Others to watch: less than a month after cracking his collarbone Thomas Voeckler is back, if he’s making strange faces this time it could be the injury; team mate Pierre Rolland starts racing but says he’s starting the season slowly compared to previous years when he’s won in the Etoile des Bessèges. Taylor Phinney is in fine form but the Stage 4 time trial is a very different matter to Dubai, he can get the 55T chainring churning in places but needs finesse elsewhere. Riccardo Zoidl proved a climbing surprise in 2013 and has moved up a league to join Trek, watch for him on Mont Faron. What can Warren Barguil do? He’s been working on his time trialling and is a useful climber. It’s too early to gauge form but he’s already a name that can’t be ignored; team mate Tobias Ludvigsson should be good for the time trial. Finally watch Morgan Kneisky in the sprints, a big French track talent – two world champion titles – he’s now joined the modest Team Raleigh.

Random notes:

  • the race is a constant struggle, it’s been threatened with cancellation and prize money can take a long time to get paid out but it lives on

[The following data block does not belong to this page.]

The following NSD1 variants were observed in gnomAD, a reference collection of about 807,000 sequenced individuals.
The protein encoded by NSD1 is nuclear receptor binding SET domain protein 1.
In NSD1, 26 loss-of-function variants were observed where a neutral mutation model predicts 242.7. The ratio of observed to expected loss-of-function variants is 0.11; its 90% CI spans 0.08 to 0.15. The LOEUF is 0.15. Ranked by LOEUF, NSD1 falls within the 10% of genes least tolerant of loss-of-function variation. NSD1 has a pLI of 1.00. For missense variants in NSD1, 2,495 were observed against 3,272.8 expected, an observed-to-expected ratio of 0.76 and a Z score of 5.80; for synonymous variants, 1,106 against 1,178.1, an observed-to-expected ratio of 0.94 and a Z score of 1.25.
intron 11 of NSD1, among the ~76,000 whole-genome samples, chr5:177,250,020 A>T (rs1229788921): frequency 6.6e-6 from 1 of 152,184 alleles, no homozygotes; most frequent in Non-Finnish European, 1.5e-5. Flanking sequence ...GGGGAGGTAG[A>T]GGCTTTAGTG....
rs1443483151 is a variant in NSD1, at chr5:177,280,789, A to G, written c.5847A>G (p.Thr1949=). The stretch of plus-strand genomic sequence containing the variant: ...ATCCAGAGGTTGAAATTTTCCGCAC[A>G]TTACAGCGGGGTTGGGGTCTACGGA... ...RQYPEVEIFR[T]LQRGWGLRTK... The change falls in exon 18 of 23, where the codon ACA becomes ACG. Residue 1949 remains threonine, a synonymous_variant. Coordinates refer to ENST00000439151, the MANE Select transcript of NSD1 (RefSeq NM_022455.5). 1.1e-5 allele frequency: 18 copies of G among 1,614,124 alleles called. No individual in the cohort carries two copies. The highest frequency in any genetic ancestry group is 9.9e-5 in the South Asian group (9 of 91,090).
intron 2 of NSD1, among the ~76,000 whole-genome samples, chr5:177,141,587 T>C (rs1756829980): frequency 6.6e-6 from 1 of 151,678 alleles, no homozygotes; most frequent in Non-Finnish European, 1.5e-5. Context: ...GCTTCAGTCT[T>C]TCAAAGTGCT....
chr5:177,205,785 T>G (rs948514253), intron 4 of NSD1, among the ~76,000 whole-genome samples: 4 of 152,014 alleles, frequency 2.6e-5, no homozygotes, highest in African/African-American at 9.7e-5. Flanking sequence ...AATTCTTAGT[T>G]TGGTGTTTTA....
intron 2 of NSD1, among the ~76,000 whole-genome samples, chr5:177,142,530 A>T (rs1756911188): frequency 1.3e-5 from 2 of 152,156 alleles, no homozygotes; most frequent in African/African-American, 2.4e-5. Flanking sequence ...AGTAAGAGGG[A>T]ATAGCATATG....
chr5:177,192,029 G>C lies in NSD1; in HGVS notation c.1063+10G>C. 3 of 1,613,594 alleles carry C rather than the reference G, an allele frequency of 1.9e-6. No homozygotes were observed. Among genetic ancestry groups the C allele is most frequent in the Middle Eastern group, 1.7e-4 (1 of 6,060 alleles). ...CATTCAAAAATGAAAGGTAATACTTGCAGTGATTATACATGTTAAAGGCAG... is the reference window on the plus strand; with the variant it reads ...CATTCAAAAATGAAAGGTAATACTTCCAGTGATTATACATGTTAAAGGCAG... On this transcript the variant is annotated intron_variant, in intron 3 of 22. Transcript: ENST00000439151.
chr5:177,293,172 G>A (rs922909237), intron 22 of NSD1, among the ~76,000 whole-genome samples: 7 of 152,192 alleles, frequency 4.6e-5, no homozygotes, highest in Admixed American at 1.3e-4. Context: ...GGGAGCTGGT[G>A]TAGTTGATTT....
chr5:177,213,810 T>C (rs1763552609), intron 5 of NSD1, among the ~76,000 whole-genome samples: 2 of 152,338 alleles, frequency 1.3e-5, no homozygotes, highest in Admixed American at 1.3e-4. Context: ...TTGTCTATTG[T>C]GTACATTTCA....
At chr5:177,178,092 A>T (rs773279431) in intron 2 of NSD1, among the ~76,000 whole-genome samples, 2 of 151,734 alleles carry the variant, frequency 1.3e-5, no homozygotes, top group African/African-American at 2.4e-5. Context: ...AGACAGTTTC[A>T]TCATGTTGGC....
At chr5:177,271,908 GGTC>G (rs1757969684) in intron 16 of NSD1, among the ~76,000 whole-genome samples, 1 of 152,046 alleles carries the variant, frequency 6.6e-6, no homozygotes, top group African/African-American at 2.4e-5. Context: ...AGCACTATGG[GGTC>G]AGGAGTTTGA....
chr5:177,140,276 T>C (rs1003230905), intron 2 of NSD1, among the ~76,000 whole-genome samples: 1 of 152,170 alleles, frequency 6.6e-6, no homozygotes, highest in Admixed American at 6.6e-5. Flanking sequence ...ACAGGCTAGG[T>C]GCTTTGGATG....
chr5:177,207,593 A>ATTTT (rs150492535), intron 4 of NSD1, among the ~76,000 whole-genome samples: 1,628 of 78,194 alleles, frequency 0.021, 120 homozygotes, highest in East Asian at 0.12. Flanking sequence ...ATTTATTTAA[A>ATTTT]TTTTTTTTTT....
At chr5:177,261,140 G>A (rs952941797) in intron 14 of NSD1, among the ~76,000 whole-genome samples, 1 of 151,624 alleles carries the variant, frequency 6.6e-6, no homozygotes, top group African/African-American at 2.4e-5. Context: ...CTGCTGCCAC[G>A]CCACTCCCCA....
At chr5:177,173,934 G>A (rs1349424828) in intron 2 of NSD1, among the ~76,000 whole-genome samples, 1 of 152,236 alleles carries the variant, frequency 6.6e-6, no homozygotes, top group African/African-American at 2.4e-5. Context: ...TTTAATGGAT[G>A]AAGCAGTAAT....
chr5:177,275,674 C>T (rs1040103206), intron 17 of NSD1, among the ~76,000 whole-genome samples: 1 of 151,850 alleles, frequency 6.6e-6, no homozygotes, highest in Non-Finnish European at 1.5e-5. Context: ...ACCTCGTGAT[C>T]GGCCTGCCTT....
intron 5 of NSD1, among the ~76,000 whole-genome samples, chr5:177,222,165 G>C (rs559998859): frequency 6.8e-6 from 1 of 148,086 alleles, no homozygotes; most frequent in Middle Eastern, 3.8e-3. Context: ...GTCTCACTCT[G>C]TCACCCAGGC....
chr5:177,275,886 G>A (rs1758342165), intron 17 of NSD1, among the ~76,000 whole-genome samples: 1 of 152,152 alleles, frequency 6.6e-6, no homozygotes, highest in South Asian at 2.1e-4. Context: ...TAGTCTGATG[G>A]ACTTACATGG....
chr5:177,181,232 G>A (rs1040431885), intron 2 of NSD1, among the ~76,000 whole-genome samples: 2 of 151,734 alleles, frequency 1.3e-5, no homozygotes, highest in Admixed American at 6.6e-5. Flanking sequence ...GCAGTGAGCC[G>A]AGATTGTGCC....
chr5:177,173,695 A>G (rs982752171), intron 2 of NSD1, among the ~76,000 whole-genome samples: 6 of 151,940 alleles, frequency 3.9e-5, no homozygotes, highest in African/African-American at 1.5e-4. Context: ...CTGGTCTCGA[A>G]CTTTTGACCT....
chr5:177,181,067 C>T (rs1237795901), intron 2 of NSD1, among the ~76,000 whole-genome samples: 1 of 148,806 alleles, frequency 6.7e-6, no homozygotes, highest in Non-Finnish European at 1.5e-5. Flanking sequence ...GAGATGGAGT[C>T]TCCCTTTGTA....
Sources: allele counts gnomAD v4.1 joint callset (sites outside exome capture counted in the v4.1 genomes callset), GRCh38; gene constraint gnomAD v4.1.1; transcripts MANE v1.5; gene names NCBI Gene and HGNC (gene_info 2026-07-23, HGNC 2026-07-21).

• it’s long been run by Lucien Aimar, winner of the 1966 Tour de France winner as a second-year pro. This was in part thanks to help from team leader Jacques Anquetil who neutralised arch-rival Raymond Poulidor
  • Poulidor doesn’t appear to hold a grudge as he’s on hand for the podium ceremony in this race
  • Several other ex-pros are involved including Luc Leblanc, Frédéric Moncassin and Laurent Roux
  • Moncassin was a daredevil sprinter in the 1990s and spent his spare time doing motocross, he’s now a motorbike outrider for the race
  • Laurent Roux was a journeyman climber going from team to team before being engulfed in doping scandal. Today he’s a farmer in Southwestern France but son Correntin is making a name for himself as a rider
  • the race has a website at letourmed.fr and it’s decent effort
  • You can follow the race by text updates over on directvelo.com

28 thoughts on “Le Tour Med Preview”

  1. I always enjoy following this race as part of the fantasy cycling season, it throws up some fun results and is a proper test of form. Not many big names make the effort to really compete so it can be won by whoever has a good week.

    Also, it’s a nice contrast at this time of year against Qatar. It’s just a shame it’s not a bigger race or on TV.

  2. The stage 4 time trial is tricky. It’s all almost all up or down, with very little flat until the end. It’s a super scenic loop so it will be fun for spectators to watch, especially on the climb up from Les Baux. But it would seem more suited to climbers than true TT specialists.

  3. Their website seems pretty good, plenty of info, course details, profiles etc